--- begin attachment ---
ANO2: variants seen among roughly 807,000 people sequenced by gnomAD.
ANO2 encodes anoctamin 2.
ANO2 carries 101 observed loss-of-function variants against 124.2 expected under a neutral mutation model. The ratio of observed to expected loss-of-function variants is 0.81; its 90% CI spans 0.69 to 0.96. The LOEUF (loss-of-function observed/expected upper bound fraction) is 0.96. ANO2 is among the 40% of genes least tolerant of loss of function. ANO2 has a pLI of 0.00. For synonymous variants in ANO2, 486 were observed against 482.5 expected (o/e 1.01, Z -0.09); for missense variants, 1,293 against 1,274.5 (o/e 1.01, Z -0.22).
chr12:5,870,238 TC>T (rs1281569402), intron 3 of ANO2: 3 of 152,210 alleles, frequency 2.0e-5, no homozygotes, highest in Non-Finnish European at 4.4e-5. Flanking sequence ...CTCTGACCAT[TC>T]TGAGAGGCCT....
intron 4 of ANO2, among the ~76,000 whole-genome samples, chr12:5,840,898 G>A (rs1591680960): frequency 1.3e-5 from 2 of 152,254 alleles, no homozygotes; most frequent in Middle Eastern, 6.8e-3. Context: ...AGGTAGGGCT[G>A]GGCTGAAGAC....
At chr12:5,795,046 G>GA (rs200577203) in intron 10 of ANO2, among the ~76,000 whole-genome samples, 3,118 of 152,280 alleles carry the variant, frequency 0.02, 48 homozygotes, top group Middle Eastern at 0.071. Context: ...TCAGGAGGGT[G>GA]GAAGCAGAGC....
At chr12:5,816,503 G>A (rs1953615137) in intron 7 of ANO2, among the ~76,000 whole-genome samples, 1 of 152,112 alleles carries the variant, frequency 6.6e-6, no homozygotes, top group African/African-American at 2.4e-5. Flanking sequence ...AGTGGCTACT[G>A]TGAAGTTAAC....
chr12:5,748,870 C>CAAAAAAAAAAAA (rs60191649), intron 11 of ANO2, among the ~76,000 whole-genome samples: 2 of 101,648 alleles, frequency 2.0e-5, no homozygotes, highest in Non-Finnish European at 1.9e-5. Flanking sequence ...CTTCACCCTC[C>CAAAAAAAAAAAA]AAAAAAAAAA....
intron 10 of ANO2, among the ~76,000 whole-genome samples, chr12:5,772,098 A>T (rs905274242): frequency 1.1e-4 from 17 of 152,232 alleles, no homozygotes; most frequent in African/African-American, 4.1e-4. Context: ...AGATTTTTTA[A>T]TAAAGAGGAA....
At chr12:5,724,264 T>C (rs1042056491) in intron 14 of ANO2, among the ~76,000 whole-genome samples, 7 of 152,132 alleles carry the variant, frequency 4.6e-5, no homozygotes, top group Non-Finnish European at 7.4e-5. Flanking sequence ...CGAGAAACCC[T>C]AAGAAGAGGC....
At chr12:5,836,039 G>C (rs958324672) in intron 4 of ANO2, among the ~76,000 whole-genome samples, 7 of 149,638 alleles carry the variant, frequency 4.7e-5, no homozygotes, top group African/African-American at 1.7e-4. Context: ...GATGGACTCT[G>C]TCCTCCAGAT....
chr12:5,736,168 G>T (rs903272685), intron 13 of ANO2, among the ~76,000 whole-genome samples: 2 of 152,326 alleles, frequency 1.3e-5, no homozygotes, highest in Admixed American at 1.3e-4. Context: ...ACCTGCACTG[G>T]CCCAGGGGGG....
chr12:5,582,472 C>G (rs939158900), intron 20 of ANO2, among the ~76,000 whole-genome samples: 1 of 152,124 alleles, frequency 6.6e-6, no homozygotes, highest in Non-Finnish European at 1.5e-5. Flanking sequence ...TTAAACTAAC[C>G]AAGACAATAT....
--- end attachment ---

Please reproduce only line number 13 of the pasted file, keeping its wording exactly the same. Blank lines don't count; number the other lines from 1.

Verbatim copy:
chr12:5,582,472 C>G (rs939158900), intron 20 of ANO2, among the ~76,000 whole-genome samples: 1 of 152,124 alleles, frequency 6.6e-6, no homozygotes, highest in Non-Finnish European at 1.5e-5. Flanking sequence ...TTAAACTAAC[C>G]AAGACAATAT....